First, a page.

Michael Felts didn’t spend years dreaming about being a filmmaker. But a series of events four years ago changed all that. I met Michael when he landed in my Introduction to Mass Communication class at Northwest Vista College. He was already making his first film, Yorktown, and had already used the crowdfunding site Indiegogo to raise $5,000 of the $15,000 needed for the project.

When it came time to market the film, he created dedicated pages on Facebook and Twitter for Yorktown. Those were used to promote online ticket sales to the premiere at a local San Antonio theater.  But that’s not all. He unraveled licensing issues for the music for the film and created a playlist on Spotify. He also organized rentals and pre-purchases through Amazon video on Demand.

Group shot of the Yorktown Production Team

The Yorktown team at the Wrap Party

He left nothing on the table. A friend and student created the cover art for the DVD release, which won a contest on the Deviant Art website.

“I was not even a blip on the radar a few years ago,” says Felts. Today, he’s working on his fourth film project and writing the script for a 12 episode television series.

He had the right idea about marketing his film. He connected with people online AND in real life. This led him to people who would connect him to other people, like actors, location providers and bands.  This is the magic combination for many entrepreneurs and a successful formula that larger companies often forget.

Shooting a Scene for Yorktown the Movie

Michael Felts behind the camera on the Yorktown film set

With so much experience under his belt, Felts’ recommendation to other entrepreneurs is surprising.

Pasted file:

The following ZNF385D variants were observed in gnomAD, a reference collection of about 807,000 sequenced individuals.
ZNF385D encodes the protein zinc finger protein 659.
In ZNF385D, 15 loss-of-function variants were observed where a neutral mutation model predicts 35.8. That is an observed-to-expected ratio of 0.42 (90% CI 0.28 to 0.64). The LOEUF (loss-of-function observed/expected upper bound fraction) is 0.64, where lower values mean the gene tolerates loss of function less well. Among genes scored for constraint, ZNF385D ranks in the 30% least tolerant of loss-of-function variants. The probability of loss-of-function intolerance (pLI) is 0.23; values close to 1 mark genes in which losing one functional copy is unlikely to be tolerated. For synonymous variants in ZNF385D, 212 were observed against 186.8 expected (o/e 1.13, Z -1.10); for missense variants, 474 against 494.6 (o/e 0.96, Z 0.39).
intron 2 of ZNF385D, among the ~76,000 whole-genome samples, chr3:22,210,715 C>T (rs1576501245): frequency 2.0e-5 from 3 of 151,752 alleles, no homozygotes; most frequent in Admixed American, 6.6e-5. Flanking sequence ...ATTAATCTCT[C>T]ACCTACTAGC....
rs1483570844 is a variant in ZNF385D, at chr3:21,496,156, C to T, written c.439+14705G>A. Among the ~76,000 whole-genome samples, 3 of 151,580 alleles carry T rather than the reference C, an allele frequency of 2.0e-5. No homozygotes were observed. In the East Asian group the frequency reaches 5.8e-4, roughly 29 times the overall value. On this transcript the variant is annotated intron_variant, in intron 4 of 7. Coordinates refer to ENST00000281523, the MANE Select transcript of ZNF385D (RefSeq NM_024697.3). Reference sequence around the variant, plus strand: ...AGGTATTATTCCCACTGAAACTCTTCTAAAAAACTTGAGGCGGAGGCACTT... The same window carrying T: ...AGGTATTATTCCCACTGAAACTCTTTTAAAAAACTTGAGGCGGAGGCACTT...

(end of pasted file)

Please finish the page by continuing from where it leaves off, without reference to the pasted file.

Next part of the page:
“I would not have done anything differently when it came to our marketing, at least, not for our first feature film. The guerrilla tactics we used on Facebook to promote the film, coupled with being aloof about the content of the film, and the intentional meshing of character vs actor on the blogs and Facebook fan page, created a cult following of individuals who spread word of the film and had great enthusiasm for the project that we would not have had otherwise,” said Felts. “Yorktown became bigger than it was, not because it was a good film, but because people were able to come along for the ride.”

It’s no doubt that Michael will be taking his fans along for another wild ride on his next project,  titled “Ghost Hunting is a Drag” scheduled to begin production in June. He’s also working on a horror adaptation of the Wizard of Oz, to begin production in December. His company, Angry Otter Productions, is a great place to stay on top of his current projects.

Using Cheat Sheets to Improve Social Response Time

I recently posted about companies hiding from their customers on social media. The story raises the single biggest challenge for organizations: how to meet the demands of responding to customers on social media. No matter the size of your business, you can shorten response time with a few simple cheat sheets.

Make A Standard Responses Document

When I first started working with one of my clients, they had all sorts of “standard” answers to questions which were asked over and over again, but they weren’t in a single place. Some were at the receptionist desk, some were used in H.R., others were used by an operations team.  The language, the approvals, the legwork had all been done! Many of these responses could be applied to some of their social media channels BUT, these tools were not really formatted for social media networks. By creating a standard document, everyone who manages your networks can access information quickly.